In the finale, with the entire company singing, the grand message of Falstaff can be understood: Everything in the world is a jest. Falstaff, the portly monarch, has been duped repeatedly in his attempts to woo two rich, married matrons and gain their fortunes. That’s the outcome of writing identical love letters to two friends who also are well connected to those who despise him. In the final scene, Falstaff is able to laugh at himself easily—whereas in his previous follies, the old man needed mulled wine to console himself.
The character of Falstaff first appeared in Shakespeare’s Henry IV and eventually was showcased in The Merry Wives of Windsor. It is no easy task to turn Shakespeare into an opera; few have done it well, let alone with such success as the great 19th century Italian composer Giuseppe Verdi. He turned three of the Bard’s classics into works still in the classic repertoire: Otello, Macbeth and Falstaff. The latter, a three-act comedy, written when Verdi was 80 years old, is clear and crisp. The libretto was written by Arrigo Boito.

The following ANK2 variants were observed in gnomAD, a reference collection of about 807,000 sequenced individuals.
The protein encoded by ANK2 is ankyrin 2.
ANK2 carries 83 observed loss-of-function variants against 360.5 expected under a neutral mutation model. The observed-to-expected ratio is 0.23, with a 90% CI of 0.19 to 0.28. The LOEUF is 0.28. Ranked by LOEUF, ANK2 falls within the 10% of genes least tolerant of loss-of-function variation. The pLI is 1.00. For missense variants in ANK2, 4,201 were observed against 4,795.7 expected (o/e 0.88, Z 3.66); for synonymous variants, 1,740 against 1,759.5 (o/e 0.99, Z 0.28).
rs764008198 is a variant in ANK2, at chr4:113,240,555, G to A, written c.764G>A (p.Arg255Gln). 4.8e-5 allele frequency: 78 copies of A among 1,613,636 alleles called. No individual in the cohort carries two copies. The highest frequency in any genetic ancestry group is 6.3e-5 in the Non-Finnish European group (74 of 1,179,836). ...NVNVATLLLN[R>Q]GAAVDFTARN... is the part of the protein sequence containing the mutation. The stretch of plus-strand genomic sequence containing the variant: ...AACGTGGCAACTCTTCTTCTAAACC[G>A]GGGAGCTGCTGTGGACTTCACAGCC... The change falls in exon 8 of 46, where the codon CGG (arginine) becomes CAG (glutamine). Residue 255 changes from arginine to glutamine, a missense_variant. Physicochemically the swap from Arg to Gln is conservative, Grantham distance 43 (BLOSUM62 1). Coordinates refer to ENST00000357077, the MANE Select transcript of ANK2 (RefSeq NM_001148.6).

Anchoring the cast for what Utah Opera calls Verdi’s “most brilliant expression,” Steven Condy plays the saucy Falstaff with Cynthia Clayton as trickster Alice Ford (pictured). Director Christopher Mattaliano will attempt to skillfully balance the opera’s sometimes widely varying tones—the first two scenes alone range from brash and male-dominated to playful and intriguing—that are, at times, as different as romance and greed.